Saturday, January 30, 2016

My latest book splurge

"I'll just go to McKay's for one specific thing" and 89 books later..... Target and bookstores are without a doubt my weakness. Lucky for my students I picked up a few great books.

The "One" book I came for - no pun intended.

I LOVE this book. I love it so much it's our character education book of the month. Each month a "mystery reader" films themselves reading the book and the kids get to watch it and guess who it is. I think someone gave me away as the mystery reader this month. Check her out here:

My book splurge didn't end with "One" book though. Here's what else I picked up.

So I picked up:

Here's the Amazon description: "Mutt Dog is brave and fast and gentle and loyal and smart, but he's also hungry, and he doesn't have a home. Then one day his luck changes, and he at last finds a family--and a cozy, loving place to belong."

How I plan on using: I love this book to talk about fitting in, finding a home, and caring for others. 

"Just the message overscheduled families need in today's frantic world . . . delivered with humor and terrific artwork." — John de Graaf, national coordinator, Take Back Your Time

How I plan to use: to talk about scheduling, organization, work habits, and doing your personal best.

"New York Times bestselling author Melissa Gilbert makes her picture book debut with this fetching story about a shy little girl and her spunky dog, Josephine!" -

How I plan on using: to address shyness, friendship, loneliness, perseverance, and more

Check out this amazing description from Amazon: 
"Martha has a new favorite word.
And that word is MINE!
Martha has officially mastered apologizing. Unfortunately, she still has a lot to work on when it comes to sharing. And while she doesn't learn to love it, she does discover that having her toys to herself means having to play with them all by herself, too. Not so fun!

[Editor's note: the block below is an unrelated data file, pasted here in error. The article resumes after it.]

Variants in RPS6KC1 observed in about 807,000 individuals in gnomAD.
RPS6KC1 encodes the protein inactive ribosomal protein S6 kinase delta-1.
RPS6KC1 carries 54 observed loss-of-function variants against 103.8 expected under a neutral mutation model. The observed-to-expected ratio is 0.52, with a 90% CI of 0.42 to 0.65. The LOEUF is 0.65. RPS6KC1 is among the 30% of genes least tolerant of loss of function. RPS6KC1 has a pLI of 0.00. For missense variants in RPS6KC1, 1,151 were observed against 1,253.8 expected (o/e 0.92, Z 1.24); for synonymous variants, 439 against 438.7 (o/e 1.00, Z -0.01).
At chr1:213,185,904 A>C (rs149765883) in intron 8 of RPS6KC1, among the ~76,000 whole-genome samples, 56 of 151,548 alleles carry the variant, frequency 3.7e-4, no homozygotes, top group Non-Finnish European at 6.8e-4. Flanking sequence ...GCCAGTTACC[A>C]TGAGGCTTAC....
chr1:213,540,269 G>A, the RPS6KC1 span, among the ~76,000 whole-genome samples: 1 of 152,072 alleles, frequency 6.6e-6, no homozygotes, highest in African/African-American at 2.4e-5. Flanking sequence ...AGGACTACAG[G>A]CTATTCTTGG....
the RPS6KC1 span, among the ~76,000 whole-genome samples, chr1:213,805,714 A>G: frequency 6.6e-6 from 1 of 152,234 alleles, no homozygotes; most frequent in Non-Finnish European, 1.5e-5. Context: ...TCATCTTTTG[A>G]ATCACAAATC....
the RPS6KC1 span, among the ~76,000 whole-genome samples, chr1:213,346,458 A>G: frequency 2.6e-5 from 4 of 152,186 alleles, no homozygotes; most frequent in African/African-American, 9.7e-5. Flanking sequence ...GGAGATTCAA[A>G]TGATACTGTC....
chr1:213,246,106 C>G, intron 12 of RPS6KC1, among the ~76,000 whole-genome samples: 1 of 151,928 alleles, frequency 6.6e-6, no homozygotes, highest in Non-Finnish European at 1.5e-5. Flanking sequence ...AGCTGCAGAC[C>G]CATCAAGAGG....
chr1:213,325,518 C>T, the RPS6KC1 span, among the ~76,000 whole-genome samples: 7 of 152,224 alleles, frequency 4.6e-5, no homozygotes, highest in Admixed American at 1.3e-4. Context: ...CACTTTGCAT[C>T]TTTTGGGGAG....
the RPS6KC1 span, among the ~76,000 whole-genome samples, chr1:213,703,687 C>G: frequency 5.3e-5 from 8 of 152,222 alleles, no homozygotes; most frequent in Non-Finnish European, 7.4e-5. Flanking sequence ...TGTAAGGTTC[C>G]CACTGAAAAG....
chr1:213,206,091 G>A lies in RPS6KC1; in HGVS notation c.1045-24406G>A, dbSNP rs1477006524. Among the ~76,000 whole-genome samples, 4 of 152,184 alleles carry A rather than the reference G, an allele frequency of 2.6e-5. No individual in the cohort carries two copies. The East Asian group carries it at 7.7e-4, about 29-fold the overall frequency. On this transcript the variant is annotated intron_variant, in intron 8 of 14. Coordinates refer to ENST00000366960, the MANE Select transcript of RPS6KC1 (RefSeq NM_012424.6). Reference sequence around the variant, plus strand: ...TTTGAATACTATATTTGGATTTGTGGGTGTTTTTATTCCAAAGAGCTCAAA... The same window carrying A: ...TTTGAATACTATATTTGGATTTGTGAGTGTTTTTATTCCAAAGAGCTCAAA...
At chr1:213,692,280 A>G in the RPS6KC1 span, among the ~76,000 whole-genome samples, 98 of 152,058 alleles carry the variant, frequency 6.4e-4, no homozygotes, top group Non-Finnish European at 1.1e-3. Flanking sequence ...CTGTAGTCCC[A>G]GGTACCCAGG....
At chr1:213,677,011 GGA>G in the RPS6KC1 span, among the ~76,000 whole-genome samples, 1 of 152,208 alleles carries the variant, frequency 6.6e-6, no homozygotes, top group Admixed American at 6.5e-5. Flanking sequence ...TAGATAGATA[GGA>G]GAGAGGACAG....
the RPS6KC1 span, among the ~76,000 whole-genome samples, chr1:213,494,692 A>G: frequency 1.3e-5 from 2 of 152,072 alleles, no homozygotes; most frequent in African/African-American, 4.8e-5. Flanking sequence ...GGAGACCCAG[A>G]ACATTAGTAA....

This hilarious follow-up to Martha doesn't say sorry! shows readers that sharing isn't all that bad when you take it one (small) toy at a time--like Martha does. It gets easier every day. Well, almost every day."

I bet you can guess what topic I will use this book for!

This is such a sweet story about a mother's dream for their child.

How I plan on using: I am going to let my teachers borrow for morning meeting and talk about their dream for their students. 

Friday, January 29, 2016

Work Habits pre and post test

It seems like forever ago I was posting about my work habits, organization, and responsibility lesson.
Today I finally found time to update my pre and post tests. Check them out:

Pre Test

Post Test

National School Counselor Week 2016

It's almost time for National School Counselors Week- a week we can advocate for our programs, share with stakeholders how we can help them, and celebrate our awesome jobs. Here's my plan for 2016. What are you doing?

Me and my AMAZING practicum student

School wide weekly events and contests:

Monday- Teacher Treats
Here’s the scoop:
It’s National School Counseling week. Stop by the work room for a treat.
I found this cute treat on Pinterest that I'll recreate for my teachers.

I love ...
I love being a school counselor because my students rock. Why do you love having a school counselor? Complete the sign and take a picture with your class/grade level team. Every class that sends me a picture or shares with me will get a special treat.


K-2 Contest
Don’t forget to watch the Character Education mystery reader video. Teachers have your students guess and vote on who they think the mystery reader is for February. E-mail your guess (1 per class) and I will put the correct answers in a drawing for a prize.

*Each month we film a teacher or staff member reading our character ed book of the month. The students will guess who this month's mystery reader is.